Mjollnir

Over Specified

Sampled data often provides more equations than there are unknowns. Let's look now at the over-specified problem. We'll use the same original equations but drop out the `z` values.

 1 2 1 2 3 1 2 2 1 0 0 2 -1 0 0 1 0 3 1 1 0 0 1 1 1 0 2 0 1

We'll apply the same row and column operations to get at the "inverse". Begin with subtracting one of column `1` from column `2`.

 1 2 1 2 3 1 2 0 1 0 0 2 -1 1 0 1 0 3 1 0 0 0 1 1 1 -1 2 0 1

Add row `3` to row `2` and subtract 2 of row `3` from row `1`.

 1 2 1 2 3 1 0 0 1 0 -2 2 0 1 0 1 1 3 1 0 0 0 1 1 1 -1 2 0 1

Now swap rows `1` and `3`.

 1 2 1 2 3 1 1 0 0 0 1 2 0 1 0 1 1 3 0 0 1 0 -2 1 1 -1 2 0 1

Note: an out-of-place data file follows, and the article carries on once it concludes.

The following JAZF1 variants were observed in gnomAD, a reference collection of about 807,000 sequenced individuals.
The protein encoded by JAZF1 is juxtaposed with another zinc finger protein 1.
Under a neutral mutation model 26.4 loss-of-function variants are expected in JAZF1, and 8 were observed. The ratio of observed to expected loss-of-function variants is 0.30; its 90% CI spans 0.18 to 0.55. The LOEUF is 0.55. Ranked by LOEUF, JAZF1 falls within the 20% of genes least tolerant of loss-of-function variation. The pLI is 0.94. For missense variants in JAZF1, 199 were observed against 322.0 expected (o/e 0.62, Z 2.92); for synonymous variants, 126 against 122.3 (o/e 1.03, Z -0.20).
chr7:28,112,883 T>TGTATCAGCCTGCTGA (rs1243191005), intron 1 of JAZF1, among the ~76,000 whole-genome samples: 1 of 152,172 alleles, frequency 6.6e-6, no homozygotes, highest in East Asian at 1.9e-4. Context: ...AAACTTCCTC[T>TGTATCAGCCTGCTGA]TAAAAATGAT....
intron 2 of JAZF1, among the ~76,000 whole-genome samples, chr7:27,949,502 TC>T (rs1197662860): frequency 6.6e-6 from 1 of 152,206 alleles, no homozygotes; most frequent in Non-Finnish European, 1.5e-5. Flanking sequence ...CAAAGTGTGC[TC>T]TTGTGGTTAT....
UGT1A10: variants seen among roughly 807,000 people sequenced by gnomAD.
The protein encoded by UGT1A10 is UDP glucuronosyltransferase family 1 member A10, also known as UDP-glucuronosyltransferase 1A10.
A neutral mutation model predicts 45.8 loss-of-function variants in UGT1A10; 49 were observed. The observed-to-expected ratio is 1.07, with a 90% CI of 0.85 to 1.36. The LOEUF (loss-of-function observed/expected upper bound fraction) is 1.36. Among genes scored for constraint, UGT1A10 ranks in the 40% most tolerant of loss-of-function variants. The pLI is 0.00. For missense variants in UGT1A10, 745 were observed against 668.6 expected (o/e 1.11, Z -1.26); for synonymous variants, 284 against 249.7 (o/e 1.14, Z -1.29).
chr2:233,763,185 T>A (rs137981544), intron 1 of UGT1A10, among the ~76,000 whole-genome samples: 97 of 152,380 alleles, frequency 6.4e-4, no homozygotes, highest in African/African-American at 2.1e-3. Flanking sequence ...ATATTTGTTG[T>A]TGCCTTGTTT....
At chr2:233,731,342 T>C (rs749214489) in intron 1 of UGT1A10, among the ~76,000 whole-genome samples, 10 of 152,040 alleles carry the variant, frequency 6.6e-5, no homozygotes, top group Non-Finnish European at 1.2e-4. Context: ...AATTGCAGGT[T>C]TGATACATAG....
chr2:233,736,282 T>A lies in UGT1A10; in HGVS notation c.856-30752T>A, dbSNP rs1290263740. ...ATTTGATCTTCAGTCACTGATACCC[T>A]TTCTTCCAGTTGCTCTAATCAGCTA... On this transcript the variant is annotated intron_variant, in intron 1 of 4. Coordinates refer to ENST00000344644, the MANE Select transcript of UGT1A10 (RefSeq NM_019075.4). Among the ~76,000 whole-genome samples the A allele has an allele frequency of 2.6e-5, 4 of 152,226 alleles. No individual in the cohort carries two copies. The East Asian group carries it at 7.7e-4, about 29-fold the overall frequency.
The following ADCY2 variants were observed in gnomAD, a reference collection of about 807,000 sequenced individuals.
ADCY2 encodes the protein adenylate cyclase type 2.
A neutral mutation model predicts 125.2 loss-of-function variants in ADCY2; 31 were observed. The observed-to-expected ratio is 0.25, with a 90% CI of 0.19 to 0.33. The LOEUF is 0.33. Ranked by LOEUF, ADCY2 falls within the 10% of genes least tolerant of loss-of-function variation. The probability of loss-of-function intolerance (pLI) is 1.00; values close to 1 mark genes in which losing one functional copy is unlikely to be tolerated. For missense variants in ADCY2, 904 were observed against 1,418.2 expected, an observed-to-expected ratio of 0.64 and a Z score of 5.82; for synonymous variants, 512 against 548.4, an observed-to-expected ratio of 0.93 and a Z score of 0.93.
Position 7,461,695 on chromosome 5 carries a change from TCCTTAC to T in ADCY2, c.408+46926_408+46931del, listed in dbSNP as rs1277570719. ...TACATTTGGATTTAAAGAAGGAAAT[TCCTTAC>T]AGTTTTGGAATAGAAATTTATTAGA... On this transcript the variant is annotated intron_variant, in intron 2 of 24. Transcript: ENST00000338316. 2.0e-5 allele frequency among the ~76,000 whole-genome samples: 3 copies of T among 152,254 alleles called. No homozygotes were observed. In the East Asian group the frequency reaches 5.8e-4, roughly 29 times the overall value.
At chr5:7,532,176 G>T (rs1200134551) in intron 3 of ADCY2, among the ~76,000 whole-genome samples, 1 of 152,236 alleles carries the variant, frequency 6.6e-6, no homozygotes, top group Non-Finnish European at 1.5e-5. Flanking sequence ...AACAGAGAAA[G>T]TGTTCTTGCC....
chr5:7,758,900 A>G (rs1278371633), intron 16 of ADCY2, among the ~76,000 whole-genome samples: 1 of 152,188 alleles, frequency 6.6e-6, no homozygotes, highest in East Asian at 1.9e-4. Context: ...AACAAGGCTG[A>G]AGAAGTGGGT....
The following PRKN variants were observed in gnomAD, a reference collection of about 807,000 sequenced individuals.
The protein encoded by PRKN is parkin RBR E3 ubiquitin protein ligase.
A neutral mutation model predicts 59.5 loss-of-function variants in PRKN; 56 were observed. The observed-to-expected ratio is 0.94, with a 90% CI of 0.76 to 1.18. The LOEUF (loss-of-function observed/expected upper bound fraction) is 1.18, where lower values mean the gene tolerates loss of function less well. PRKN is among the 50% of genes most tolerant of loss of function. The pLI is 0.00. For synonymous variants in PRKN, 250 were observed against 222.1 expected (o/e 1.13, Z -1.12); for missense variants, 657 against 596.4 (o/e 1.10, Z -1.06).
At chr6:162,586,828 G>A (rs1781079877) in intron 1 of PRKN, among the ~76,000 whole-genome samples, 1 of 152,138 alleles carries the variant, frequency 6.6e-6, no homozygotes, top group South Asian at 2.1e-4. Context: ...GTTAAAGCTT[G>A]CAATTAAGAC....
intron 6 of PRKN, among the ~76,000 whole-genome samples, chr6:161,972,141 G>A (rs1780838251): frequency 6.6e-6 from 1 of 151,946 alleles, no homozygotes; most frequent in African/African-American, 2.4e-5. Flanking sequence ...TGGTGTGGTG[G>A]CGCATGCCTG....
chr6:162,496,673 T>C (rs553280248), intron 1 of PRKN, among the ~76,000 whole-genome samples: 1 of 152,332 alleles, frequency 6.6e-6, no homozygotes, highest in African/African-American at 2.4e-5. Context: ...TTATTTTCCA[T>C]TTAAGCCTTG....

The third row is identically `0`, as expected, so we'll multiply the lower left matrix and the top two rows of the upper right.

 1 2 1 2 3 1 2 3 1 1 -1 • 0 0 1 = 0 -1 0 2 0 1 0 1 1 0 1 1

This is now our `A-1`. We'll confirm this by multiplying it times the `A` matrix.

 1 2 3 1 2 1 2 1 0 -1 0 2 2 1 0 2 0 1 1 • -1 0 = 0 1 3 1 1

With the `A-1 • A` being the identity matrix, there's not much point in trying to find a null-space. There's not much point in calculating the `(A-1 • A) • A-1` or the `A • (A-1 • A)` because anything times identity or identity times anything is itself. However, it is worth noting that `A • A-1` is not identity.

 1 2 1 2 3 1 2 3 1 2 2 0 -1 0 0 0 2 2 -1 0 • 0 1 1 = 0 1 0 3 1 1 0 0 1

I may come back to this if I can find the time.

For the next part we'll do the same using row and column operations on the under-specified problem.